Over the years, I’ve met too many people that want to do glamorous work. They want to be the saviors basking in the glory of effortless work, yet that’s the problem. Before doing the work that requires precision, you must first do the boring grunt work. By sweeping the floors, listening to irate customers, and handling the work no one else wants to do, you can eventually do the work no one else can do.
It starts off small.
The best approach is to gradually ease yourself into the pool of work, maybe dipping one toe in at a time with some small duty anyone can do well. Each task you complete is a step forward. If you keep doing that consistently without the desire for glory, eventually, you can start doing work that might make you feel fulfilled.
You might not see immediate results.
The more difficult factor is that others may never acknowledge your efforts, even if they’ve directly benefited from your work. Don’t be concerned with the opinions of others. You’re not working hard so that you can get a pat on the back or an extra penny per hour. You’re working hard to figure out your unique talents.
Forge your talents in the fire of any work.
Once you know the sort of work that drives your internal motivational alarm clock, it’s easier to endure the temporary sort of work that’s always available. You don’t have to worry about the opinions of others, or the work that others ask you to do, because you’ve found one of the central tenants of your self-confidence:
You don’t always need to be doing glamorous work.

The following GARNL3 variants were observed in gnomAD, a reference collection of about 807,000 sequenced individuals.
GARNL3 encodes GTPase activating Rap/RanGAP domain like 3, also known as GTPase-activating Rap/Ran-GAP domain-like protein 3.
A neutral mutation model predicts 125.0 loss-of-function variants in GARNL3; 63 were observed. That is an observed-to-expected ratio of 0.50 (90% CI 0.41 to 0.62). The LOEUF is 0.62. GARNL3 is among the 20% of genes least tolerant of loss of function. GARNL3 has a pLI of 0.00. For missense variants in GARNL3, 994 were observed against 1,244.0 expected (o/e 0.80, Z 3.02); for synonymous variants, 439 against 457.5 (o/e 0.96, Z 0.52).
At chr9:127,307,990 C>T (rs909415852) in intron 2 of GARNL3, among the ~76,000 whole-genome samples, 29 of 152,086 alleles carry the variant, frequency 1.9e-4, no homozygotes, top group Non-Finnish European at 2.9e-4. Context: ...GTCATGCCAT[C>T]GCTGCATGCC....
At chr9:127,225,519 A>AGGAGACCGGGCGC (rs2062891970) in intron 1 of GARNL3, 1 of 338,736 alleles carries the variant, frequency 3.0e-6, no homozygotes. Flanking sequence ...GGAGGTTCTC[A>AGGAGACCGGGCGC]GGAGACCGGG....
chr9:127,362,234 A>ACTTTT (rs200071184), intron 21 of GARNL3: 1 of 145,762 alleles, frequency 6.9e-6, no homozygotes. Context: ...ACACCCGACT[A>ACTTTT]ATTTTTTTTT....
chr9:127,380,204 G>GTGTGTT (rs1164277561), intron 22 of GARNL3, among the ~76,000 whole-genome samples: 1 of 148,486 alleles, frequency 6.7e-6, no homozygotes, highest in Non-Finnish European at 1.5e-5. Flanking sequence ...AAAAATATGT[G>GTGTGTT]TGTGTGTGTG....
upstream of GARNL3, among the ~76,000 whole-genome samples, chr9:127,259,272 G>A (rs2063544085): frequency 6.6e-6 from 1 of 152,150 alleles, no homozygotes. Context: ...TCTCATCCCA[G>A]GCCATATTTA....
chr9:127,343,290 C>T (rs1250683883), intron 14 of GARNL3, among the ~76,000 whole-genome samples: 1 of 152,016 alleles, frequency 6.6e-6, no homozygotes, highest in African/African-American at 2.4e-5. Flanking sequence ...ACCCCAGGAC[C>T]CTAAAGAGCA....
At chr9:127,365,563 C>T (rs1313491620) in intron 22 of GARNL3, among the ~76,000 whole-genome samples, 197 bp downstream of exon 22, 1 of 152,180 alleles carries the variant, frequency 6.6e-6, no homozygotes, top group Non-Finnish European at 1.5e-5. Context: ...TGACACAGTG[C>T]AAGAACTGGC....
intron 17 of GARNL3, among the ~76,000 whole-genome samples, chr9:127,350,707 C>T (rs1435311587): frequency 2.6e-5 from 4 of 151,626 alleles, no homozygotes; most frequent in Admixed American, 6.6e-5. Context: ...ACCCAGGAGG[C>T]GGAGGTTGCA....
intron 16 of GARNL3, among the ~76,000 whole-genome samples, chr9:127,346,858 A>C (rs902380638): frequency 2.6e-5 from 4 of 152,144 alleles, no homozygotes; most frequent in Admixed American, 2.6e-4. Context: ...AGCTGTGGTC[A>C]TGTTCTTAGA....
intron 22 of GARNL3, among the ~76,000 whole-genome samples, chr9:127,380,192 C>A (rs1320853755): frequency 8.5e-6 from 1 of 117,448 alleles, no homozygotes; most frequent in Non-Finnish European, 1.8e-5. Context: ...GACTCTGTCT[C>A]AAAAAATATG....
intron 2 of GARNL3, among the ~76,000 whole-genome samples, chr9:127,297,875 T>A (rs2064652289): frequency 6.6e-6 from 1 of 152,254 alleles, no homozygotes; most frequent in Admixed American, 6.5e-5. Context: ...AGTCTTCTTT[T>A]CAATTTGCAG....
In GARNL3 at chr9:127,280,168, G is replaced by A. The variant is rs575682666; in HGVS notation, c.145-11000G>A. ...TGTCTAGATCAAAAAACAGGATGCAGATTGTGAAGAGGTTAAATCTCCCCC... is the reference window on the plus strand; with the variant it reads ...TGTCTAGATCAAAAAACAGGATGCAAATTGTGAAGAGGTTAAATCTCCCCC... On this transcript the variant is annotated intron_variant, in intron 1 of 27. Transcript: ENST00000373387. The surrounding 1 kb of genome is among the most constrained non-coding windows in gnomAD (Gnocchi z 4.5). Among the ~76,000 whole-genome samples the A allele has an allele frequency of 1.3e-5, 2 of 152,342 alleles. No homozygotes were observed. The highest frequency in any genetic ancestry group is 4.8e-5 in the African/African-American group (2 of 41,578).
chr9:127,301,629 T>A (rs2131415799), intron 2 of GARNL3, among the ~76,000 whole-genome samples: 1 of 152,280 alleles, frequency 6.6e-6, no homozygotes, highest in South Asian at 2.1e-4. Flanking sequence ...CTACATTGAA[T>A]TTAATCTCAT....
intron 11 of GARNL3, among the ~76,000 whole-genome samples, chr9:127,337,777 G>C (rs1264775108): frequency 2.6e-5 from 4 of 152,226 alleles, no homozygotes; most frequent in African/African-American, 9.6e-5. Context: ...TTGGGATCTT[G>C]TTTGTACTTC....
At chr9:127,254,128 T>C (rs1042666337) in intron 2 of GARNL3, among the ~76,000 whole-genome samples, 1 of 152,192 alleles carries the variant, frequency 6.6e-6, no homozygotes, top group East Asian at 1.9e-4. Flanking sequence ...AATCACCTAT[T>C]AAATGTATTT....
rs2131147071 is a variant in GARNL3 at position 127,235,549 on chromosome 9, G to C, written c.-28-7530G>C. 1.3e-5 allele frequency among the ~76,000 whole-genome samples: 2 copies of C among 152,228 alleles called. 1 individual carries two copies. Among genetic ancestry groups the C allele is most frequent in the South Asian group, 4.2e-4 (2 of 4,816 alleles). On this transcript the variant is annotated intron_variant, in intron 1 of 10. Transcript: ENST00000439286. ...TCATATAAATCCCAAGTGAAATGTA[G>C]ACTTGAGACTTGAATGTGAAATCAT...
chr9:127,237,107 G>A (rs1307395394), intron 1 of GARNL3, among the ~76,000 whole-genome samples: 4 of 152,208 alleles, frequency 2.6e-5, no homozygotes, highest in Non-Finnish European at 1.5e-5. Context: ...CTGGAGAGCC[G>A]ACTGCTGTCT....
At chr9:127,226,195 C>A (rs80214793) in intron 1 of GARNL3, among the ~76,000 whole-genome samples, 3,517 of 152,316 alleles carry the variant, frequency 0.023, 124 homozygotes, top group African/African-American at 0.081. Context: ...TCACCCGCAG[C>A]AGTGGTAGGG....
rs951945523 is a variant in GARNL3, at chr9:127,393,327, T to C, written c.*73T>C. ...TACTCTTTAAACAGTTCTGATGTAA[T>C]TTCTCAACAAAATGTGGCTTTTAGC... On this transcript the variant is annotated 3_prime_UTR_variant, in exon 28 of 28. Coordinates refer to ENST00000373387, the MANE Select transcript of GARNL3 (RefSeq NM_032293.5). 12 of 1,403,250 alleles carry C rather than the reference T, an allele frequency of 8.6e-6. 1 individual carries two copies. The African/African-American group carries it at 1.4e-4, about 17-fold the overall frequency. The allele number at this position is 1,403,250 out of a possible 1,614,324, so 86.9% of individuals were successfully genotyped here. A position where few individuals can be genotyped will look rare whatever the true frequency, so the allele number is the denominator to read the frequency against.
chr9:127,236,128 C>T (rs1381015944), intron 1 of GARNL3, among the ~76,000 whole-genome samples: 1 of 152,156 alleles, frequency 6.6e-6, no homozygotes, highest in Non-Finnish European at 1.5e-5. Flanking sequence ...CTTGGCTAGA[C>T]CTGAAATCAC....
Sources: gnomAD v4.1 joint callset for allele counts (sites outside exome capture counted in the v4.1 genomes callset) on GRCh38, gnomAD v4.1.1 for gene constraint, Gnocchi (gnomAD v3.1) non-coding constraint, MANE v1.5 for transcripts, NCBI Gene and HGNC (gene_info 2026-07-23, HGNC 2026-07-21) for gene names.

“I get paid a lot of money to break down boxes.” For me as a writer, it’s almost a disadvantage to hole up and write. I need the external friction of life and reality as writing fodder. I’ve worked in a handful of warehouses over the years, yet working in another one recently was all the more reminder of the good and bad.
There is always work available.
It’s just that work probably won’t be glamorous nor give you riches.
Maybe your work won’t guide you through the depths of reality toward realizations about the human condition. Maybe you just want to do comfortable work that lets you retire early. Maybe you already know exactly what kind of work you want to do. The problem is that we can’t just point anywhere and say “there’s where I will work.”
Maybe sometimes we can conveniently arrive at success.
If we compare ourselves to those successful others, we may feel inadequate. What if your glamorous work, the work that compels you through any hardship, isn’t the most profitable? Who cares? Will the money make you happy? How about the stability of a steady paycheck? The security of years of estimated paychecks?
If you had worked hard for others, it will have been wasted time.
If you had worked hard for yourself, your experience will protect you.